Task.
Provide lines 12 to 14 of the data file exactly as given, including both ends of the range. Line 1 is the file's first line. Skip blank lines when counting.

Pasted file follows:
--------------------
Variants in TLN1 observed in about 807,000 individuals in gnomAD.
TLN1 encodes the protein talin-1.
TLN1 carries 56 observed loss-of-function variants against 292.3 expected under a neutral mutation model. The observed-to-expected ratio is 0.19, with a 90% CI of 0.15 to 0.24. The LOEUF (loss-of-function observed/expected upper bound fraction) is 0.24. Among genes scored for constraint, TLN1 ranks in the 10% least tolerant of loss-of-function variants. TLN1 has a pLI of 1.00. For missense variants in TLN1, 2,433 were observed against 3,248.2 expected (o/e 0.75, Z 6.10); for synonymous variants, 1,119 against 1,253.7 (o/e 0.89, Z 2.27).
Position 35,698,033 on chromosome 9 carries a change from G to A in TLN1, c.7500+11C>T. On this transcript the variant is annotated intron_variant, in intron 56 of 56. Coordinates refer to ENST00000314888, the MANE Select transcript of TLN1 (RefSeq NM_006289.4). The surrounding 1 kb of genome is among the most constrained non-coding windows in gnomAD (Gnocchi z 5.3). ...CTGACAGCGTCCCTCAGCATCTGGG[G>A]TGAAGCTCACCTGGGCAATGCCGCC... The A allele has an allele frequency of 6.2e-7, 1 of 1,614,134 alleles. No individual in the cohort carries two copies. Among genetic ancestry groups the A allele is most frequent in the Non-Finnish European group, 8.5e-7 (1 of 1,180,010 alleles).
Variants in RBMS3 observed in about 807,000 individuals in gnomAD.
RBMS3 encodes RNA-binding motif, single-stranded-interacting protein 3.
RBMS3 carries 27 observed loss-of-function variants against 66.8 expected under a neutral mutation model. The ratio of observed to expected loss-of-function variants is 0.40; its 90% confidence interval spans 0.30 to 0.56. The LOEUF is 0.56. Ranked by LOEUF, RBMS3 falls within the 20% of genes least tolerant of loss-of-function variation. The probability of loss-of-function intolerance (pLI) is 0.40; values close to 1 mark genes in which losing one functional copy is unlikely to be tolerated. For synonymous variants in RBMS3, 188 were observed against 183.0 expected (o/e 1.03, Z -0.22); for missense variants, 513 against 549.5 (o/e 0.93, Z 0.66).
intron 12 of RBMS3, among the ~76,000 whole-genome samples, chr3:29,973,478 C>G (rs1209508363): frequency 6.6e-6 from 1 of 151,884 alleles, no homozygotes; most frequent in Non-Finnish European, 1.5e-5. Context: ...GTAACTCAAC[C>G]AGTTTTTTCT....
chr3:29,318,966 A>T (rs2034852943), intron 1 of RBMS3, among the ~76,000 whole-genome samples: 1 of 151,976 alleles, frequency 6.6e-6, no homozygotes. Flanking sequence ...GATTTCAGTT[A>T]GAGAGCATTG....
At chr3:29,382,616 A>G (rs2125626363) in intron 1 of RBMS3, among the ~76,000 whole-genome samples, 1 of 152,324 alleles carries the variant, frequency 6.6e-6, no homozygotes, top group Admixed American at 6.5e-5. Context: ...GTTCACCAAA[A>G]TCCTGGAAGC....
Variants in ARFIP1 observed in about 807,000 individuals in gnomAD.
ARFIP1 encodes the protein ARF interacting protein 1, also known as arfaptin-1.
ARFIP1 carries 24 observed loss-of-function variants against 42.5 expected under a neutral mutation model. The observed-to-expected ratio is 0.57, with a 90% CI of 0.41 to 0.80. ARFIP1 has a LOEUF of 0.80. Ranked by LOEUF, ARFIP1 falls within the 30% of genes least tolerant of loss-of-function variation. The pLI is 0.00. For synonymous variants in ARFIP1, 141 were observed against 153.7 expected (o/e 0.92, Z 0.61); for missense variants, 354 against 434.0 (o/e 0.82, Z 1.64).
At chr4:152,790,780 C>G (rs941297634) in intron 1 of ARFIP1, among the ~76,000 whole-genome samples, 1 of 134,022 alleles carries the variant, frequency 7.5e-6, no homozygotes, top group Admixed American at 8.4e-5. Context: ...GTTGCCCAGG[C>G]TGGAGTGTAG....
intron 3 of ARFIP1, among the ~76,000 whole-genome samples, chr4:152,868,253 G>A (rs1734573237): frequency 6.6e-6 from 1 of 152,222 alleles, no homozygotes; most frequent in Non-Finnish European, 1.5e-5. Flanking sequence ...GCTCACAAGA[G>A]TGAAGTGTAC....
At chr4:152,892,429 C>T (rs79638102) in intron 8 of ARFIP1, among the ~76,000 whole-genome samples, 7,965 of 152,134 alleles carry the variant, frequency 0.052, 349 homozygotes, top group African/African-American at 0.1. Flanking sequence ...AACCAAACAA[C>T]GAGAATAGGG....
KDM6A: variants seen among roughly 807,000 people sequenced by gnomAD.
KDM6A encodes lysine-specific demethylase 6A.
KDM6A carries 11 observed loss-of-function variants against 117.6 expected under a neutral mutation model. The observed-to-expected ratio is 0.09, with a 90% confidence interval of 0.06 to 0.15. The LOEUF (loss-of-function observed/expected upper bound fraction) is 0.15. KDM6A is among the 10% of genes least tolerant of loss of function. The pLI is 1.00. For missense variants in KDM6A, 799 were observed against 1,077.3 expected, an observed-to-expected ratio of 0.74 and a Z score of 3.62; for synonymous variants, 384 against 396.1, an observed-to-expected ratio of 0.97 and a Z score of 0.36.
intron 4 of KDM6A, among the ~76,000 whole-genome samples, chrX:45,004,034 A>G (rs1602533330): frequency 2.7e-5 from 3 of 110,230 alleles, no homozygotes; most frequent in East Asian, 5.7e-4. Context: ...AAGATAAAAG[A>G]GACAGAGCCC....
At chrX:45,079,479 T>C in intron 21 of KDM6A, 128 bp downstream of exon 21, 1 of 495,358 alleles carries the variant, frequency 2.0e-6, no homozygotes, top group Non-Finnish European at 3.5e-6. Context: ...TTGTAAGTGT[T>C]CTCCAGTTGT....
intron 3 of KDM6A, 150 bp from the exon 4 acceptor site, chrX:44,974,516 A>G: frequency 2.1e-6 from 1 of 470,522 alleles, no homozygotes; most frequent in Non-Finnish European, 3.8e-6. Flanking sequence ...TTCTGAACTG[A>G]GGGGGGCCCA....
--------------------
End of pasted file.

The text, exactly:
ARFIP1 encodes the protein ARF interacting protein 1, also known as arfaptin-1.
ARFIP1 carries 24 observed loss-of-function variants against 42.5 expected under a neutral mutation model. The observed-to-expected ratio is 0.57, with a 90% CI of 0.41 to 0.80. ARFIP1 has a LOEUF of 0.80. Ranked by LOEUF, ARFIP1 falls within the 30% of genes least tolerant of loss-of-function variation. The pLI is 0.00. For synonymous variants in ARFIP1, 141 were observed against 153.7 expected (o/e 0.92, Z 0.61); for missense variants, 354 against 434.0 (o/e 0.82, Z 1.64).
At chr4:152,790,780 C>G (rs941297634) in intron 1 of ARFIP1, among the ~76,000 whole-genome samples, 1 of 134,022 alleles carries the variant, frequency 7.5e-6, no homozygotes, top group Admixed American at 8.4e-5. Context: ...GTTGCCCAGG[C>G]TGGAGTGTAG....